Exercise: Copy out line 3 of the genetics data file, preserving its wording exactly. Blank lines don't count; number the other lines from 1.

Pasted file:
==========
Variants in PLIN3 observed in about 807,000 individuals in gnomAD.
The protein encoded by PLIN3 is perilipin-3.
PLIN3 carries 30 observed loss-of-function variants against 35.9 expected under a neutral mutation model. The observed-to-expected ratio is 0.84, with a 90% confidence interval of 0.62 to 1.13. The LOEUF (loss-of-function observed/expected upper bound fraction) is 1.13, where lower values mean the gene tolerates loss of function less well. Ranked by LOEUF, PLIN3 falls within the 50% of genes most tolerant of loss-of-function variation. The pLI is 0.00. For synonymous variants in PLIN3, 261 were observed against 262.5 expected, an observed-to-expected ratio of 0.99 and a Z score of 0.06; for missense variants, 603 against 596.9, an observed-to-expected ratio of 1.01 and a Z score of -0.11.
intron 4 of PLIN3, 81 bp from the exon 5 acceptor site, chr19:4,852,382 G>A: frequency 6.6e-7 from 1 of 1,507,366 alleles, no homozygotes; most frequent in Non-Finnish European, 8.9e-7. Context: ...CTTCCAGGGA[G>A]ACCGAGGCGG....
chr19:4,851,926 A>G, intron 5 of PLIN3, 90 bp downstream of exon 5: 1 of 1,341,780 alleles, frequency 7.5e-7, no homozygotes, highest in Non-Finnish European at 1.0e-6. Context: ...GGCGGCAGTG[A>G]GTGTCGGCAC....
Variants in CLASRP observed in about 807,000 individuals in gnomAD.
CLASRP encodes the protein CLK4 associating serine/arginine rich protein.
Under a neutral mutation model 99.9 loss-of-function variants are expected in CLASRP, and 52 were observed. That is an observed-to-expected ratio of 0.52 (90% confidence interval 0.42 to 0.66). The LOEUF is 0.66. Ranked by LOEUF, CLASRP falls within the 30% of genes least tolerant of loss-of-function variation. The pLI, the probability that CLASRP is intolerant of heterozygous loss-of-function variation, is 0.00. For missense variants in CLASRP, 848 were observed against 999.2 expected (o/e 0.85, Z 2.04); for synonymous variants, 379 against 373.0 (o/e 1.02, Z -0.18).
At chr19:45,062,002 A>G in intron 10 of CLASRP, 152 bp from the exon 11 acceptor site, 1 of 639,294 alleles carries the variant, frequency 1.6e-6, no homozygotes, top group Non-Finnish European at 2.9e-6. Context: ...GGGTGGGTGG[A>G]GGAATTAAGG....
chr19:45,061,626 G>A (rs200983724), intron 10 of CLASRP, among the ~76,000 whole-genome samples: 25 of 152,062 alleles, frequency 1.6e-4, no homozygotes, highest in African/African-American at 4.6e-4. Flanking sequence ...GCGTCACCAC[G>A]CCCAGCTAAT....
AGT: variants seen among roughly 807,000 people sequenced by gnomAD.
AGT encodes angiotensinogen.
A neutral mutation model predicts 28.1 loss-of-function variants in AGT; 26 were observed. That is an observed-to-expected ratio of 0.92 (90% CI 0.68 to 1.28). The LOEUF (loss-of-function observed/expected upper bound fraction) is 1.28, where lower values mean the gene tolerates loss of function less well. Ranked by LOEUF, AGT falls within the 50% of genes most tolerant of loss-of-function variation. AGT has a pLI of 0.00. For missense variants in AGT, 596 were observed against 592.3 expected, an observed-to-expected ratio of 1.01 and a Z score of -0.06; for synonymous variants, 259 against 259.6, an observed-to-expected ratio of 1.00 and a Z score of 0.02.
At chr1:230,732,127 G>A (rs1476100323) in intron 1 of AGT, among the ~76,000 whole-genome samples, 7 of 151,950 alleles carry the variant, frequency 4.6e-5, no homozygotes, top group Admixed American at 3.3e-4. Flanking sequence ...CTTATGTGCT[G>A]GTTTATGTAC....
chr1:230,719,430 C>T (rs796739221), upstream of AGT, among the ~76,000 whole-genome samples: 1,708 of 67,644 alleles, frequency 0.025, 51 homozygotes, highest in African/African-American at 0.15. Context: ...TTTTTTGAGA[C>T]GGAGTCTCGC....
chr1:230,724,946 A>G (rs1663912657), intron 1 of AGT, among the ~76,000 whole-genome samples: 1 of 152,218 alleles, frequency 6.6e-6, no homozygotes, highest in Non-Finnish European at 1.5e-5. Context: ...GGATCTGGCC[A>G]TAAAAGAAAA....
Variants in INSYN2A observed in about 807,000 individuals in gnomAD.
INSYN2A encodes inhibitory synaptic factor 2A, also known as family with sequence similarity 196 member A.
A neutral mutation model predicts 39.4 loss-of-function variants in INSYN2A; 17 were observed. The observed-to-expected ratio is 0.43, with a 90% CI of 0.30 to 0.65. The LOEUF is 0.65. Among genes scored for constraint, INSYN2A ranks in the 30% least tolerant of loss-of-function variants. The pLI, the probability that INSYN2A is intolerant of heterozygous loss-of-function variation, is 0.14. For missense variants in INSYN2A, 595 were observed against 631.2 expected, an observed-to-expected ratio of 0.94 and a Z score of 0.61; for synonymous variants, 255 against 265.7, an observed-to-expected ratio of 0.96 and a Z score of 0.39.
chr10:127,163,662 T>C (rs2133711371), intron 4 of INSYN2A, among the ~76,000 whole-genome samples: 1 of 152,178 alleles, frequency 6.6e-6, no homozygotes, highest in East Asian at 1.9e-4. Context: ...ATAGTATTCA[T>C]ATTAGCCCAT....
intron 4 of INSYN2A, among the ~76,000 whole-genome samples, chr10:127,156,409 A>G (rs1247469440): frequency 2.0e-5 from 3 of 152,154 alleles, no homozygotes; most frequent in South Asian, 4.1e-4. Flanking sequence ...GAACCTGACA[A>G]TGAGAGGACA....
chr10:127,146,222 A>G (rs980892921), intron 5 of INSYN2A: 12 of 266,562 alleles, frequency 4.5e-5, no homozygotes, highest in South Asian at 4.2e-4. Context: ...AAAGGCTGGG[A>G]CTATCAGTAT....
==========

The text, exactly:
PLIN3 carries 30 observed loss-of-function variants against 35.9 expected under a neutral mutation model. The observed-to-expected ratio is 0.84, with a 90% confidence interval of 0.62 to 1.13. The LOEUF (loss-of-function observed/expected upper bound fraction) is 1.13, where lower values mean the gene tolerates loss of function less well. Ranked by LOEUF, PLIN3 falls within the 50% of genes most tolerant of loss-of-function variation. The pLI is 0.00. For synonymous variants in PLIN3, 261 were observed against 262.5 expected, an observed-to-expected ratio of 0.99 and a Z score of 0.06; for missense variants, 603 against 596.9, an observed-to-expected ratio of 1.01 and a Z score of -0.11.